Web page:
At many points during my fertility journey I felt like everyone—and sometimes
everything—around me was pregnant. I was the only exception. I went to synagogue,
and all the women of child-bearing age seemed to be pregnant. I went to the grocery
store and the person in line in front of me always seemed to be pregnant. I went to the
zoo with my husband, and even the monkeys were pregnant. I was constantly
reminded that pregnancy was out there in abundance, it was everywhere. And each
time I ran into someone pregnant, I was reminded how far that reality felt from me and
how desperately alone I felt after trying to get to pregnant for years with no success.
But if that was not enough, I then learned the term “shana me’uberet.” This is the
term used to describe a Jewish leap year, which consists of not just one extra day like
February, but a whole extra month (Adar 1 followed by Adar 2). That is all fine and well,
but if you translate “shana me’uberet” literally it does not mean leap year—it means
pregnant year. You mean to tell me that even the year is pregnant and I am not?!
Many people see this phrase “pregnant year” as beautiful and a much richer term
than leap year. The year may be pregnant with hope, opportunity, love, and blessing.
But, for someone struggling to grow their family, a pregnant year is just one more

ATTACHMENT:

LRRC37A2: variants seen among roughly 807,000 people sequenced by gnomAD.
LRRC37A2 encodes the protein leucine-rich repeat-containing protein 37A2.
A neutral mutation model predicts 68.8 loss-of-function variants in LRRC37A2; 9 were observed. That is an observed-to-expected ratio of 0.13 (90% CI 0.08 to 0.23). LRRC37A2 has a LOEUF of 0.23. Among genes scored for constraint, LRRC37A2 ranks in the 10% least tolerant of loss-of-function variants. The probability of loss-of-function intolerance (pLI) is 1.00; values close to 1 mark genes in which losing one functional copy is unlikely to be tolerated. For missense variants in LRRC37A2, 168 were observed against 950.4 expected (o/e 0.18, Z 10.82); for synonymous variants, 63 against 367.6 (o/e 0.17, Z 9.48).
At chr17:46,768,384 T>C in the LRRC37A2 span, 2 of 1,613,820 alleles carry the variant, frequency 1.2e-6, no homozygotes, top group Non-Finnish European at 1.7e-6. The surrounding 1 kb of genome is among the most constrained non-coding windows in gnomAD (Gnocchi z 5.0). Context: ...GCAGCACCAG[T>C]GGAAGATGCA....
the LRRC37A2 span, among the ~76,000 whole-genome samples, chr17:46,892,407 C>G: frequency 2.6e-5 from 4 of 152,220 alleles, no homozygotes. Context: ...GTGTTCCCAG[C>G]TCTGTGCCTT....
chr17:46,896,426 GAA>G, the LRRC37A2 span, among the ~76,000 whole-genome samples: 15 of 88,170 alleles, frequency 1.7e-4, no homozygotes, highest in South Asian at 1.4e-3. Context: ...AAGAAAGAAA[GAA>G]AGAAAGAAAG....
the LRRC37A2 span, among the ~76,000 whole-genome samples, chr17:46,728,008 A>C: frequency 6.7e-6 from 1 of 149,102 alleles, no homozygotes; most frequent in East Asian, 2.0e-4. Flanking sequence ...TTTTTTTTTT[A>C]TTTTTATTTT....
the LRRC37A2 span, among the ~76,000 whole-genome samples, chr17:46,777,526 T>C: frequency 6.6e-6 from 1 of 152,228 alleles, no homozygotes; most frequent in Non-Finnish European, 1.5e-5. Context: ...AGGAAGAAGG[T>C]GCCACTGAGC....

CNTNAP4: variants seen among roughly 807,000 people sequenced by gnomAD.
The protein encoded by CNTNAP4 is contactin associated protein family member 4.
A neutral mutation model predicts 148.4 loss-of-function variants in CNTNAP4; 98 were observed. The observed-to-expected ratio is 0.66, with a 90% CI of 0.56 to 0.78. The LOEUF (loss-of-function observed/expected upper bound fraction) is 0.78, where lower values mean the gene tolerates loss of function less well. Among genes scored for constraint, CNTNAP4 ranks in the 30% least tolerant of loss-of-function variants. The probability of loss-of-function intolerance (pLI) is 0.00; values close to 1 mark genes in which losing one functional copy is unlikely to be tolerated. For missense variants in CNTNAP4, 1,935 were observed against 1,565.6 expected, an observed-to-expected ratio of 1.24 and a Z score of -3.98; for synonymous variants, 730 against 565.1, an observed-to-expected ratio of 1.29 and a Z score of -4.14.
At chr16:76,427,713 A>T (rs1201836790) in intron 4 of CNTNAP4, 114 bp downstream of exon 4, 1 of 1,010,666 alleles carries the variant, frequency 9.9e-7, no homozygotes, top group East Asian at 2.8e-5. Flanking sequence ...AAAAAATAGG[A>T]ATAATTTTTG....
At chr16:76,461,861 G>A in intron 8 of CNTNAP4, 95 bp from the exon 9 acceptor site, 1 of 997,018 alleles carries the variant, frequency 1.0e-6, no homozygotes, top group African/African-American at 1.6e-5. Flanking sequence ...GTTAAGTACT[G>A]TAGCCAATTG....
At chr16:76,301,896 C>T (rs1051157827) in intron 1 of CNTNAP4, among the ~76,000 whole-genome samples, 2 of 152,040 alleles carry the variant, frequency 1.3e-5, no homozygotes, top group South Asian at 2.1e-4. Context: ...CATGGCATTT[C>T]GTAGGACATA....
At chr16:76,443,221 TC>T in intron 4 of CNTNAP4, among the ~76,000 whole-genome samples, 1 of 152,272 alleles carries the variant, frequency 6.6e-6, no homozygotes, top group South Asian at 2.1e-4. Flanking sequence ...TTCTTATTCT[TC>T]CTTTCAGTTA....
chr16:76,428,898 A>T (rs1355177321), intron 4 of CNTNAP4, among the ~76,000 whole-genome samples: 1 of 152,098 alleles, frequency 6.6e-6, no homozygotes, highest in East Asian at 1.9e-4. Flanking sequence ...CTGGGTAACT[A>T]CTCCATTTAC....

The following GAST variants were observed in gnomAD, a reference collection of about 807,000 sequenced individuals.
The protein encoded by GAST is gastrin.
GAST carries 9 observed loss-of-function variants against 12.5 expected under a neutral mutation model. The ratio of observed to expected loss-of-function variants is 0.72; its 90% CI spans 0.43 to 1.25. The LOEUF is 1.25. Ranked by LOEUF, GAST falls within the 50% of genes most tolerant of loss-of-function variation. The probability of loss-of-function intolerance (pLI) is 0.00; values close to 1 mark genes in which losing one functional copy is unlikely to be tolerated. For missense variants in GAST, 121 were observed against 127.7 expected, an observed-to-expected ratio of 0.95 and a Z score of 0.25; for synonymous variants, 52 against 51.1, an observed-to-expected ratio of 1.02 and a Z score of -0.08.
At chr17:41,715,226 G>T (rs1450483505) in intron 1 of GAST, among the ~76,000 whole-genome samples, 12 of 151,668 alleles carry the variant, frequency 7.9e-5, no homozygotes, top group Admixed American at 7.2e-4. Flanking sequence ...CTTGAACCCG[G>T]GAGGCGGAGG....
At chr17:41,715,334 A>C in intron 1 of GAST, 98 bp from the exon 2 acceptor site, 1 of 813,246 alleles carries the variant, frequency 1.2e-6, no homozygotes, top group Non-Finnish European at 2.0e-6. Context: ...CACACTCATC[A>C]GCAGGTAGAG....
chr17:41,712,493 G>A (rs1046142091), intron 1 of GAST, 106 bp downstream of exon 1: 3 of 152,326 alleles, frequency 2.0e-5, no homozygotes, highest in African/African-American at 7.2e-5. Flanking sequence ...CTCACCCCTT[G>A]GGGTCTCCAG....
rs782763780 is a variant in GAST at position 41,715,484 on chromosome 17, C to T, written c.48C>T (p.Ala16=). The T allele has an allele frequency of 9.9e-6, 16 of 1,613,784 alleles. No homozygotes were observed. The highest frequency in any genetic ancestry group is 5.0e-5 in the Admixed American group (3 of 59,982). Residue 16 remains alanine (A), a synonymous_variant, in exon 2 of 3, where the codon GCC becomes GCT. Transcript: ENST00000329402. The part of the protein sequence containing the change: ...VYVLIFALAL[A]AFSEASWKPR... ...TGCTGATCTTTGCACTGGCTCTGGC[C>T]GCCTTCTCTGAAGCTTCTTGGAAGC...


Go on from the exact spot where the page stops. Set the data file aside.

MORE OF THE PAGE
reminder of pregnancy, one more point of pain, loss, and isolation.
This year is a Jewish leap year. We just welcomed in the first of the two months
of Adar. Adar is a time when people say “mi’shenichnas Adar ma’rbim
b’simcha”—when Adar comes we increase our joy. It is not easy to feel joy when one is
struggling and it is not easy to feel joy when one is reminded of that struggle
everywhere one goes. So this year, perhaps we should consider not using the term
“shana me’uberet” and going with “leap year” “extra month” “2 Adars” or pretty much
anything that does not reference pregnancy. Perhaps if as a community we hold
ourselves back from using this seemingly innocuous term, we will allow those struggling
to conceive to feel a bit more joy on Adar and have one less reminder of what currently
feels painfully out of reach.
May the new month of Adar 1 bring only good things and opportunities to build greater
sensitivity and compassion within our community.